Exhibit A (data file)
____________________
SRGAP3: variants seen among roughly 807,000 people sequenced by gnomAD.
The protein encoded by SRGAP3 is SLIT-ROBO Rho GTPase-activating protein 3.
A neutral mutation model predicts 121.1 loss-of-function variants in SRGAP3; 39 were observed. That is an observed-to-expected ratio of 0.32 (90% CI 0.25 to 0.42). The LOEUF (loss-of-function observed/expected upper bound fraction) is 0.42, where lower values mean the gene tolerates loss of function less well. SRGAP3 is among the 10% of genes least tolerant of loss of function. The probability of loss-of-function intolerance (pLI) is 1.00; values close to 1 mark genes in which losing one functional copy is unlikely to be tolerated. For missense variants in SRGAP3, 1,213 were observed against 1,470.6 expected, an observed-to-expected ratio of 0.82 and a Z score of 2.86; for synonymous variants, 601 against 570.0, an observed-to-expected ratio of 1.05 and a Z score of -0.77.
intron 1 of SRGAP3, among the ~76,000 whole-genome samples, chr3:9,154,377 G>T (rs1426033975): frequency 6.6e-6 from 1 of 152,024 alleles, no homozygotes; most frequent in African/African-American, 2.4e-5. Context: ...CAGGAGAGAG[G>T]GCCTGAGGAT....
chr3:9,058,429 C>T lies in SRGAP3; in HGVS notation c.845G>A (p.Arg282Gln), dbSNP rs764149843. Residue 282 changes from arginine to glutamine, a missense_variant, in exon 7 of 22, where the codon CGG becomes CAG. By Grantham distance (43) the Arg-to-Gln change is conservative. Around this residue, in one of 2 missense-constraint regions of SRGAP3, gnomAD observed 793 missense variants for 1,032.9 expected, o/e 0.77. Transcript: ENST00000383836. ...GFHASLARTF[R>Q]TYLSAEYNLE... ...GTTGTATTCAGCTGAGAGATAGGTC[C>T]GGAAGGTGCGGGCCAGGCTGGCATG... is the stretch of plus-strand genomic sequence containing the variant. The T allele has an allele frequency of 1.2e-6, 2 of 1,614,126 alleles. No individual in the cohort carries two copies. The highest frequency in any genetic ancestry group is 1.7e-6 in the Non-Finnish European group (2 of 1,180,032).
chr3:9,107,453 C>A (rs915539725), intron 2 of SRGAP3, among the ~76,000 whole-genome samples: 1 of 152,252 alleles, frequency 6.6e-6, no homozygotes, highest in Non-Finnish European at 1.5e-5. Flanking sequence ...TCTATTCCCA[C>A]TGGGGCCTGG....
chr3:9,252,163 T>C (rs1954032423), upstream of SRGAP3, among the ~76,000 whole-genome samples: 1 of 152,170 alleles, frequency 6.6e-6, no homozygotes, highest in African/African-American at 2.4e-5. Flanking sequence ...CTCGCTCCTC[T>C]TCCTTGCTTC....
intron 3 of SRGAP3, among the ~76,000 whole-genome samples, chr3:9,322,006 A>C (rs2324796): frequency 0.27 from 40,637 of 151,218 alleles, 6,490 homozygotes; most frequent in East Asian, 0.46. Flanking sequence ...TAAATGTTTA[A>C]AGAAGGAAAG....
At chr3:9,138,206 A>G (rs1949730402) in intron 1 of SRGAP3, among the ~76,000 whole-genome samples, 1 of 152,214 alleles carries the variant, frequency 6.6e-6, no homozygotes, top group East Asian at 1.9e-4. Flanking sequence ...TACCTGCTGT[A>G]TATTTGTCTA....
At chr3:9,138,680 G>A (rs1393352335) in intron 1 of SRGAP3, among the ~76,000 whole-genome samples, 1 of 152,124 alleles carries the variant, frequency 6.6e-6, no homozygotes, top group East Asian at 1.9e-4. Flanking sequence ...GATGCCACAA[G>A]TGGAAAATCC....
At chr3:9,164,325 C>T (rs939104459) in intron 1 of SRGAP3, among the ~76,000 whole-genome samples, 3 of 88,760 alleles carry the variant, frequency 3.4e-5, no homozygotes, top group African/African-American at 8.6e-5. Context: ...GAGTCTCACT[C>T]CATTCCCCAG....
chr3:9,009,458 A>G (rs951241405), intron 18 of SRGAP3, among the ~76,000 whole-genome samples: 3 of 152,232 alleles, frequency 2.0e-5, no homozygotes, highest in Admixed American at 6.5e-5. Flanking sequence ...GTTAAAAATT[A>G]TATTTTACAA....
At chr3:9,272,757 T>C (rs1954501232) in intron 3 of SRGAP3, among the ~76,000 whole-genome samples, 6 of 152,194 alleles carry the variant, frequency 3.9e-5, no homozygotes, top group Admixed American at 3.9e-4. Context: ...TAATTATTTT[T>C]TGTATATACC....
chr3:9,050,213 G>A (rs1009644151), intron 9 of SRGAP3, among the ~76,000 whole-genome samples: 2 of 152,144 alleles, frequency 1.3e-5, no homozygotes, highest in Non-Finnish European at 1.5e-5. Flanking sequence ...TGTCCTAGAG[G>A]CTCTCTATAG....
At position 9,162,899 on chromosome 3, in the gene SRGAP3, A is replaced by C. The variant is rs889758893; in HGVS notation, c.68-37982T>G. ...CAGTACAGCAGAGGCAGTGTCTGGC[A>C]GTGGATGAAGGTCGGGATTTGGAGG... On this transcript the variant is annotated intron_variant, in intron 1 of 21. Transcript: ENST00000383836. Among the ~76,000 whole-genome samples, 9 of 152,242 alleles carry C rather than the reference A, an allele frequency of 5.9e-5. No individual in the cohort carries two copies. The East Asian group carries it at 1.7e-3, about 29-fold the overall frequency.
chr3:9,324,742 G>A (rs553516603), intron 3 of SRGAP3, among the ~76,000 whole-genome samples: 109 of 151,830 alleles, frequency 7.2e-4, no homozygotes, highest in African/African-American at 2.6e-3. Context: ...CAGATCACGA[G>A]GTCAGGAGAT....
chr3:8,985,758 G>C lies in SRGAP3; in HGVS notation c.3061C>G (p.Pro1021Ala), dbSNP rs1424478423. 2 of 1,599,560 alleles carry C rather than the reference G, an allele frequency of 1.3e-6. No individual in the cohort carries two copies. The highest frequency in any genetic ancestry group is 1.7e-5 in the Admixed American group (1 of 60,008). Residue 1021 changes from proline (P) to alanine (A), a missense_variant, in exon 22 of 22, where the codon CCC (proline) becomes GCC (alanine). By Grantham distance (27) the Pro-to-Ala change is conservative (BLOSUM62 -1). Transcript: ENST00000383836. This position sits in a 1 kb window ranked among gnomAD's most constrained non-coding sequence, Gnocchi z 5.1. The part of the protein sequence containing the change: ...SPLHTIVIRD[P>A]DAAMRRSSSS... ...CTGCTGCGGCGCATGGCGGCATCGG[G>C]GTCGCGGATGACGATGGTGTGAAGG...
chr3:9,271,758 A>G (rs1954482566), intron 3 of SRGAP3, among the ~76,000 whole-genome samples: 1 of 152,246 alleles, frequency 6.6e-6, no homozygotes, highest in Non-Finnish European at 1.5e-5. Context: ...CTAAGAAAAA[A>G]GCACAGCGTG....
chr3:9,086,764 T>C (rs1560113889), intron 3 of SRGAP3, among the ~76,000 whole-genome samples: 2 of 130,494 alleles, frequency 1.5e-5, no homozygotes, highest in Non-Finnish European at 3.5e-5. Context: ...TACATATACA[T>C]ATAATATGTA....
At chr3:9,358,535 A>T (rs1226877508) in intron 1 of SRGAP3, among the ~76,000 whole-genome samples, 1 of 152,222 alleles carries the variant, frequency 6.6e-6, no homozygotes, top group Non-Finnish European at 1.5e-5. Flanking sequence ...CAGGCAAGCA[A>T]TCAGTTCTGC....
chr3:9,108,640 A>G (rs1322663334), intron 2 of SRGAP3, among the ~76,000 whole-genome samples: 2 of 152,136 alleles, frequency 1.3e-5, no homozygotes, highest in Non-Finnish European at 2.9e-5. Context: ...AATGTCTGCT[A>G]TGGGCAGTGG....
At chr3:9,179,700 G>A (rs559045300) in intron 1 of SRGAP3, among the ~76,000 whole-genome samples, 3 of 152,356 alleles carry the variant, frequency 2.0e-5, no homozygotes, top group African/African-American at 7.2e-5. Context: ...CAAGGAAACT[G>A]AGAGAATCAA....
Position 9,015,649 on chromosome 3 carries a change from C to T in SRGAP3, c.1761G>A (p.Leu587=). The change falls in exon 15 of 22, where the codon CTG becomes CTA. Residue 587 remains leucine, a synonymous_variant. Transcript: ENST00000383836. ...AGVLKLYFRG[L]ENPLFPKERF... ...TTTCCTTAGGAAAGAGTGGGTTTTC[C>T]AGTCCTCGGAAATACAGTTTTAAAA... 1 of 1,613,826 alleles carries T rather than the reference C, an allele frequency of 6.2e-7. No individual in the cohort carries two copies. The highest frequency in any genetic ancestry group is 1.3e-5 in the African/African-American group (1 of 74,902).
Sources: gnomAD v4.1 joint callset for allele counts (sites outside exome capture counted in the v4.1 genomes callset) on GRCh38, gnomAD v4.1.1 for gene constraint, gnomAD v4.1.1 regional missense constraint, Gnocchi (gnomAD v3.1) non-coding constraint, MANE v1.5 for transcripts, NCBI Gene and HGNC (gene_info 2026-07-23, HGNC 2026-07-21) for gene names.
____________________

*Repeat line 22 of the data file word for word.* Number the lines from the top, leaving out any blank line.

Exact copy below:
At chr3:9,179,700 G>A (rs559045300) in intron 1 of SRGAP3, among the ~76,000 whole-genome samples, 3 of 152,356 alleles carry the variant, frequency 2.0e-5, no homozygotes, top group African/African-American at 7.2e-5. Context: ...CAAGGAAACT[G>A]AGAGAATCAA....